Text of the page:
V766 CEN (V766 Centauri)= HR 5171. Not impressed by the names? You will be by the star. Bayer's successors in the southern hemisphere never got to this one, surely never even noticed it in southern Centaurus within the rich Milky Way between Alpha Centauri and the Southern Cross. Catalogued as barely seventh magnitude (6.51), it makes a good sixth by varying irregularly between 6.1 and 7.3. It's remarkable that the star actually got a listing in the Bright Star Catalogue as HR 5171 (actually 5171A, given a tenth magnitude companion 9 seconds of arc away). As a yellow hypergiant (a "YHG") more grand than a supergiant, V766 Cen falls among the rarest kinds of stars: only about ten are known in the Galaxy, including the iconic Rho Cassiopeia (HR 8752, also in Cas, seeming to belong as well). The spectral class is a bit problematic, the Bright Star Catalogue listing it as a K0 hypergiant, later astronomers making it as a G8 to K3 bright supergiant. V766 is dimmed by as much as 2.8 magnitudes (the actual amount not clear) by circumstellar and interstellar dust, which also reddens the starlight. Given a clear view, it might have been bright enough for a Greek letter.

Too far away for parallax, the star's distance is estimated from its Galactic location and other considerations to be nearly 12,000 light years. A temperature of around 4800 Kelvin adds a bit of infrared radiation to the total, which with distance gives a luminosity of 470,000 times that of the Sun and a radius 0f 980 solar or 4.6 Astronomical Units, nearly 90 percent the size of Jupiter's orbit. Interferometer measures suggest that HR 5171A may be even larger, 1315 times solar (6.1 AU, 12 percent BIGGER than Jupiter's orbit), which with distance and a temperature of 5000 Kelvin yields a luminosity of closer to a million Suns. Any way we look at it, the birth mass seems to be around 39 Suns, placing it into the realm of the most massive stars in the Galaxy. Given mass loss through strong winds, the mass must now be a lot less (stars always ending their lives with much less mass than they started with). A high abundance of sodium in the HR 5171A's atmosphere suggests that it is in the later stages of core fusion (beyond that of helium, the sodium cycled upward) and that the star was once a true red supergiant that has evolved beyond that state. Perhaps it is becoming a "Luminous Blue Variable" like P Cygni or Eta Carinae, or a Wolf-Rayet star (one with a stripped core and thick envelope from mass loss) like that in Gamma-2 Velorum.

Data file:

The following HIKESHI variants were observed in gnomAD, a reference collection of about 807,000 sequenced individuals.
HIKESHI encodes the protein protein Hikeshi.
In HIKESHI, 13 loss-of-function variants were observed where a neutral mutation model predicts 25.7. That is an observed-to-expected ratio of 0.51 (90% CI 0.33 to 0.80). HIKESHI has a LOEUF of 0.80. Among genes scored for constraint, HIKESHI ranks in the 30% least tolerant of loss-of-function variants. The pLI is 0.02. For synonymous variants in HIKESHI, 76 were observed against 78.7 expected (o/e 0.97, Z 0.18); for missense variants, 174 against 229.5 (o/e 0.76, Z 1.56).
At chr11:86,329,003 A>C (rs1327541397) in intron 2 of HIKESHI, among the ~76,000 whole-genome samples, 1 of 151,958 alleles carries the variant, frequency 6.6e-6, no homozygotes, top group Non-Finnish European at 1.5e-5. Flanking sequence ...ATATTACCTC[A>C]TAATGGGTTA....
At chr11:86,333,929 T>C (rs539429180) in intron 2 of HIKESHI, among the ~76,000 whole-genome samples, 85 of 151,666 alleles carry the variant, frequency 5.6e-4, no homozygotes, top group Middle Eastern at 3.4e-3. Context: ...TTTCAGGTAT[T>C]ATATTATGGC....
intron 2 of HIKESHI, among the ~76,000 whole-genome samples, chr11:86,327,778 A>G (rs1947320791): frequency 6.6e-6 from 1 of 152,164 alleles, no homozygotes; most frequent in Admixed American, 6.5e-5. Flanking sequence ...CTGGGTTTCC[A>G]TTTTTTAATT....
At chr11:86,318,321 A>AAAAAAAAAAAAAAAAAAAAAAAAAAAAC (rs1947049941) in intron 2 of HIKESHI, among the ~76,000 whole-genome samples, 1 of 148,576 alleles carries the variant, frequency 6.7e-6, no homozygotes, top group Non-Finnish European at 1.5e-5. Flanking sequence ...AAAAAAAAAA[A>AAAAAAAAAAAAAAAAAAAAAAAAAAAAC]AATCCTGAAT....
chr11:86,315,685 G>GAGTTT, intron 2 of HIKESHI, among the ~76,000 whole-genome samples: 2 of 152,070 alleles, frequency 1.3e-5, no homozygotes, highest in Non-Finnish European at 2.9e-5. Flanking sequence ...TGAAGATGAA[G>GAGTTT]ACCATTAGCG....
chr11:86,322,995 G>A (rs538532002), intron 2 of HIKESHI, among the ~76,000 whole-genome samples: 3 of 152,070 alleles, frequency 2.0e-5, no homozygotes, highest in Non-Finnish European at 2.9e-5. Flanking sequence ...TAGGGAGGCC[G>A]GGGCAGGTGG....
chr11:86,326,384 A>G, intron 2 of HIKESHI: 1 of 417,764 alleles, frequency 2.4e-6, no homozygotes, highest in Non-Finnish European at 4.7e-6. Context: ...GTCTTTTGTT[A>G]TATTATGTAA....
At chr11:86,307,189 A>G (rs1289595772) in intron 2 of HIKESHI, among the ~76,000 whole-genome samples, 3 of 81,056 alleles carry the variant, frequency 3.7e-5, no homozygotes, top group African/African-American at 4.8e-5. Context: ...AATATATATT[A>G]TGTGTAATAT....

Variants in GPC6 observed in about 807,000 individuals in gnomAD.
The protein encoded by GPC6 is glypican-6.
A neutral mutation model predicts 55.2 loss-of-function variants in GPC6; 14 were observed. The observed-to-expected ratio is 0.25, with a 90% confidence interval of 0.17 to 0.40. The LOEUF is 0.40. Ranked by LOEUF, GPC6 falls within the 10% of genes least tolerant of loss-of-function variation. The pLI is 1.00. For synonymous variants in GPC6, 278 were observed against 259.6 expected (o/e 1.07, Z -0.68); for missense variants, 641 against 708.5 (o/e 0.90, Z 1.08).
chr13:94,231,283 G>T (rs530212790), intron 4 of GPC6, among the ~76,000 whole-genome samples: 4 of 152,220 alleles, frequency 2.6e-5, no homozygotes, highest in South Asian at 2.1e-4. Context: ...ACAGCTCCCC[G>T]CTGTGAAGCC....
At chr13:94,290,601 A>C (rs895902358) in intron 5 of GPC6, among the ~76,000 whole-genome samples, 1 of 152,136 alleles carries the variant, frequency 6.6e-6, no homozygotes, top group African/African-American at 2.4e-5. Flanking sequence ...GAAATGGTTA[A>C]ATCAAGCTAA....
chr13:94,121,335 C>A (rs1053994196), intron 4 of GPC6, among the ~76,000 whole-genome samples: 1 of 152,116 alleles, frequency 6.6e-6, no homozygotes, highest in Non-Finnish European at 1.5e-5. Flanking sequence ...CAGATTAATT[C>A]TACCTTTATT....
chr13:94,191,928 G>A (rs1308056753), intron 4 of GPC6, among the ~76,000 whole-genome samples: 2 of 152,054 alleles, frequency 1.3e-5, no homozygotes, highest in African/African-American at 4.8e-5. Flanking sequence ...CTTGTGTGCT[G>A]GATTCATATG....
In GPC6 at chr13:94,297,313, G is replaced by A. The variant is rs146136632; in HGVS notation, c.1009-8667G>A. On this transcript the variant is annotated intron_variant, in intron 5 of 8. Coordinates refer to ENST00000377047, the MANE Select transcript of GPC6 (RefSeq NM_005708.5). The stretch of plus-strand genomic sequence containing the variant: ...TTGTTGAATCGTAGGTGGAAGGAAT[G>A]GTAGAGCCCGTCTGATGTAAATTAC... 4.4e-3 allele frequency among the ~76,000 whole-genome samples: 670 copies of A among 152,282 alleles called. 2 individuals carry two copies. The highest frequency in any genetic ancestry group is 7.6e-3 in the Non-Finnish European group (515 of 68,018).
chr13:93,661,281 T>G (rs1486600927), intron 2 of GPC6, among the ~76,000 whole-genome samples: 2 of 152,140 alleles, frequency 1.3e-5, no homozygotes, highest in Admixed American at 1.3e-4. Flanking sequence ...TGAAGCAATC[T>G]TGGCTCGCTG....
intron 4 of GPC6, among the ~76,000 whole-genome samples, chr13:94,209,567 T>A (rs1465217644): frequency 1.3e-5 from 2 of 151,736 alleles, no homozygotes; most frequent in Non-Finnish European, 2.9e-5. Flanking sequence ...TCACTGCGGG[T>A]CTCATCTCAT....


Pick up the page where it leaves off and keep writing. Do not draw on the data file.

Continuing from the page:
The star is centered in a diffuse emission nebula (an ionized cloud like the Orion Nebula). The ultraviolet radiation required to excite the nebula comes not from the hypergiant (which is too cool), but from the companion. An impressive star on its own, HR5171B is a class B0 lesser supergiant with a temperature near 27,000 Kelvin, a luminosity of 160,000 Suns (providing it is at the same distance as "A," which is likely), and thus a birth mass of 25 Suns. Since the hypergiant was only recently a hot class O5 dwarf, it probably contributed mightily to the surrounding scene. If the two are gravitationally bound (which is questionable), they are at least 30,000 Astronomical Units apart and would take at least a million years to orbit each other. Given a hydrogen-fusing lifetime of maybe 5 million years, they have not done it many times. V766 is actually triple! Interferometry and an additional regular 0.2 magnitude variation tell of a very close companion that periodically gets in front of, and partially eclipses, the brighter star. With an orbital period of 3.57 years, the two are probably in actual contact at their surfaces, though it might more be contact of the smaller star with the inner part of the bigger one's thick wind, which has produced a nebula seen in the infrared that extends out to 6500 AU. HR 5171A seems destined to blow up as a supernova, and soon, which will do the close companion no good. The only real question is whether the core will collapse into a neutron star or a black hole. HR 5171B will then follow, both stars giving back most of their element-enriched matter (including a lot of iron) back into the interstellar medium as fodder for new, higher-metal, stars. (Thanks for data and discussion to O. Chesneau et al., Astronomy and Astrophysics, 563, A71, 2014.)

Written byJim Kaler 4/25/14. Return to STARS.